Nikon Df review: New low light champion?

By Kevin Carter - Monday December 09 2013

Camera Review
Introduction | Nikon Df sensor performance: Best Low-Light ISO score | Nikon Df Versus Nikon D4: Competitive Edge? | Nikon Df Versus Nikon D800: Complementary performance | Nikon Df Versus Canon EOS 5D Mark III | Conclusion
Nikon Df review: New low light champion?

Nikon’s retro styled Df harks back to the days film externally, but the metal shell with its plethora of dials and buttons conceals a state-of-the-art 16-Mpix CMOS sensor intended for the worst imaginable lighting conditions. Read on to find out how this new addition to the range performs.

Following a series of TV teaser spots filmed in the Scottish Highlands, the somewhat controversially styled ‘retro’ Nikon Df was finally launched in October. Although the Df is a fully-fledged digital AF camera on the inside, the exterior is reminiscent of the firm’s earlier film-era models of the 70s and 80s.

Despite the retro-appearance with the top plate bristling with metal dials and levers, the Df has a 39-point AF system using the Multi-Cam 4800 AF module from the D610 and the 16-Mpix CMOS sensor and image pipeline from the flagship D4.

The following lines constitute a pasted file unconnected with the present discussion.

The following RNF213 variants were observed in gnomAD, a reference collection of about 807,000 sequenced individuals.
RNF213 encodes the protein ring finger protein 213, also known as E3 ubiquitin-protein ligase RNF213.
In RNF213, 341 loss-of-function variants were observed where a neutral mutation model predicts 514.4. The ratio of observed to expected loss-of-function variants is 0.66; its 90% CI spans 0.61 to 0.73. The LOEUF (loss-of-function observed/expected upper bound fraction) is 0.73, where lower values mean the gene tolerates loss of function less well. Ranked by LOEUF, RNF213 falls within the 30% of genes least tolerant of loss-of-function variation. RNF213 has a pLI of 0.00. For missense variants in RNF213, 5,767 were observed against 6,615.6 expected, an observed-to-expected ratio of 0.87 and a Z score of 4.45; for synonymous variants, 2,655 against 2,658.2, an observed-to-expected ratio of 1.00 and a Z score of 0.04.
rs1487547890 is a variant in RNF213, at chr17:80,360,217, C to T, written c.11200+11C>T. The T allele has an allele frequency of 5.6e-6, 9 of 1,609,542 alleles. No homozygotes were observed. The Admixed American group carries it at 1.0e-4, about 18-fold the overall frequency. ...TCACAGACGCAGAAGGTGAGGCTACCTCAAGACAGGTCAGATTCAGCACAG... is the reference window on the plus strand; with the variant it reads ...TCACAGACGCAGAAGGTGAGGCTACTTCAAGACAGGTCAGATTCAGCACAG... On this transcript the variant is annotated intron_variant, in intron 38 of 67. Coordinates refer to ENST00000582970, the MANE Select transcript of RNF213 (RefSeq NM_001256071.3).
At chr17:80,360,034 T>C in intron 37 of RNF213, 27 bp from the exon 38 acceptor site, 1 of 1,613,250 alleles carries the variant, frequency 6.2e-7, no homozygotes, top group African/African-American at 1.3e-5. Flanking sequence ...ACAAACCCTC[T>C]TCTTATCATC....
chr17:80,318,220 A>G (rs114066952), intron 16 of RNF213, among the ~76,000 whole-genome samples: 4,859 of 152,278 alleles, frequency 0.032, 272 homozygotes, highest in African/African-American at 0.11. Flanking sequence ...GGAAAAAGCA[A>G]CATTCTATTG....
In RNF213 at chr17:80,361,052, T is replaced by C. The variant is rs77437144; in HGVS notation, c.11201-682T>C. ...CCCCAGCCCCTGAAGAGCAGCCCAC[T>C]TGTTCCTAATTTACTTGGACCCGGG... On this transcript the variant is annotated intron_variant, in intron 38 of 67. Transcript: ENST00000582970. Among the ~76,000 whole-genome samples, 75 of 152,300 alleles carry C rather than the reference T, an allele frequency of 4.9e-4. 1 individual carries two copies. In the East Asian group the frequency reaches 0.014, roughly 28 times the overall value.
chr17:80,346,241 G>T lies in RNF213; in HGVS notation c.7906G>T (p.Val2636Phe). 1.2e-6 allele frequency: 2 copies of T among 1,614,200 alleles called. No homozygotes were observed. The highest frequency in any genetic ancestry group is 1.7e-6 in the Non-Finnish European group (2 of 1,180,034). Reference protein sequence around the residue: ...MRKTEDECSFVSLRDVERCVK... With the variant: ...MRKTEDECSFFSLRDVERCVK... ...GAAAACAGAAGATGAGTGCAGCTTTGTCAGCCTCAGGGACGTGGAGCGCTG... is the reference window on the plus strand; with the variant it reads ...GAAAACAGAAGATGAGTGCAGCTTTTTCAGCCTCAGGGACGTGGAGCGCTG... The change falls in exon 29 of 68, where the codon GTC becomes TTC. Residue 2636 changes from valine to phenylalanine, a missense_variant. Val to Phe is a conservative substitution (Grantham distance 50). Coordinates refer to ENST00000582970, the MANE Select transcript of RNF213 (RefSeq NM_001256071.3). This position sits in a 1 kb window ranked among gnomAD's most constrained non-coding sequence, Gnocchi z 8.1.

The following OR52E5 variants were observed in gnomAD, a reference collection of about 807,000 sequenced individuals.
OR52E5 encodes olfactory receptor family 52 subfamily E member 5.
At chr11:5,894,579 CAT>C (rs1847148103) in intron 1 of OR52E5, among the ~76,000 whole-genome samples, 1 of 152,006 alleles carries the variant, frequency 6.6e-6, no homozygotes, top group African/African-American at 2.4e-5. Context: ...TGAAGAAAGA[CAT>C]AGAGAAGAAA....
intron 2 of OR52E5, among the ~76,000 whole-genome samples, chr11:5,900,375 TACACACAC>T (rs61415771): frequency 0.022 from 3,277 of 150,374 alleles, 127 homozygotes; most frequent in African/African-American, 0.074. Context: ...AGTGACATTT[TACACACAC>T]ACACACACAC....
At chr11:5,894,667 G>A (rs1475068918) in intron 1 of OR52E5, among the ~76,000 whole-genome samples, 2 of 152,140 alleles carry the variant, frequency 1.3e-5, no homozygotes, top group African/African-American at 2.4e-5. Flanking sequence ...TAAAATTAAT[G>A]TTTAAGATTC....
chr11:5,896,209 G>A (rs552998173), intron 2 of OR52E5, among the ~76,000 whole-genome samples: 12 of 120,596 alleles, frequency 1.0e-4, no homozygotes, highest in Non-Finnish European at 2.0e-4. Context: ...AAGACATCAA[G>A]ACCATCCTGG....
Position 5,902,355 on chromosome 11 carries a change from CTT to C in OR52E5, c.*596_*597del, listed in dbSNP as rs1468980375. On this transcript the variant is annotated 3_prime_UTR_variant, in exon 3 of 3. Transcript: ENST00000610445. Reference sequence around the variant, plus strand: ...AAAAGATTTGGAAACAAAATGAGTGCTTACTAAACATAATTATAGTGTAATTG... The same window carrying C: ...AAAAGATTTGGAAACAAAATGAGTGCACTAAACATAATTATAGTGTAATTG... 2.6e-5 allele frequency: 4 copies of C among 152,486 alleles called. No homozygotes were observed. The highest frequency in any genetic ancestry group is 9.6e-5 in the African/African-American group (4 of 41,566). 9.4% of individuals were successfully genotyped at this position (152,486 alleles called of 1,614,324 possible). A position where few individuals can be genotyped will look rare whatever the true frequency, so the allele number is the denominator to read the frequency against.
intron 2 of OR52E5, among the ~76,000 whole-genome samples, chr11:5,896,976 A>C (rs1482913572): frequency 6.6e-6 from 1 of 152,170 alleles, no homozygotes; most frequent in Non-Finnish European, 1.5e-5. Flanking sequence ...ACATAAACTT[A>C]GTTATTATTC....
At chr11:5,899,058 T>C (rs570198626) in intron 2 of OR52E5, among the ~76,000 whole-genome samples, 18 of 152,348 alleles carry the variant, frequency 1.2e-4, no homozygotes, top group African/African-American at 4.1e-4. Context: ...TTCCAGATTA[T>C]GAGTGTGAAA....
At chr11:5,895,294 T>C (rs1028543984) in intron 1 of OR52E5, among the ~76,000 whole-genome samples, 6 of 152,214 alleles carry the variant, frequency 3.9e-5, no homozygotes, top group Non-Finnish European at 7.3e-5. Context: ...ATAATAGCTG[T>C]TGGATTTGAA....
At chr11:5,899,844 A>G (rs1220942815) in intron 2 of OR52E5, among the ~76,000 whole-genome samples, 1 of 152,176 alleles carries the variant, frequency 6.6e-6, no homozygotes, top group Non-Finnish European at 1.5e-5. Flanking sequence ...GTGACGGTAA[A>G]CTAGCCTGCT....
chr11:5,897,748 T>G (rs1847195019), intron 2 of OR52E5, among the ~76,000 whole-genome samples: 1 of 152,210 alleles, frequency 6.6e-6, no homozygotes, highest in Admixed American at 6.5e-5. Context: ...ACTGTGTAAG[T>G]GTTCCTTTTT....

Like that model sensitivity runs from ISO 50 up to 204,800 (extended), but it lacks a pro-oriented high-speed shutter with a maximum speed of 1/4000th sec and 1/200th sec flash sync.

Unsurprisingly the Df can’t match the D4’s maximum burst rate either at 5.5 fps but it adopts the same glass pentaprism as that and D800 with a 100-percent coverage and large (0.7x magnification) viewfinder image. It also has a large 3.2-inch high-resolution LCD panel to the rear.

Although the Df is a autofocus camera and was launched with a special edition AF-S Nikkor 50mm f1.8 lens, it’s first camera from the firm since the film era F4 to include a folding AI post allowing mounting of the majority of manual focus pre-AI Nikkor lenses from the 60s and 70s.

The Df is also the first DSLR in recent times to omit any video features, a bold move from the firm and one that seems at odds with the not inconsequential $2749 asking price for the body.  Like those earlier film era cameras  the Df is available in black and chrome finishes, and measuring 143.5 x 110 x 66.5 mm and weighing 710g (1.56 lb) it’s the smallest and lightest full-frame model in the firm’s line up.

Key specifications:

  • 16-Mpix Full frame (36x24mm) CMOS sensor
  • 100% viewfinder coverage, 0.7x magnification
  • 39-point AF system (Multi-Cam 4800 AF sensor, from D610)
  • 3.2-inch (921k dot) rear LCD
  • Still recording only (no video)
  • 1/4,000th second max shutter speed, 1/200th sec maximum flash sync
  • 5.5 fps maximum continuous shooting
  • ISO 100 up to 12,800 (ISO 50 – 204,800 extended)
  • Single SD memory slot

Nikon Df sensor performance: Best Low-Light ISO score

Nikon Df Versus Nikon D4: Competitive Edge?

Nikon Df Versus Nikon D800: Complementary performance

Nikon Df Versus Canon EOS 5D Mark III

Conclusion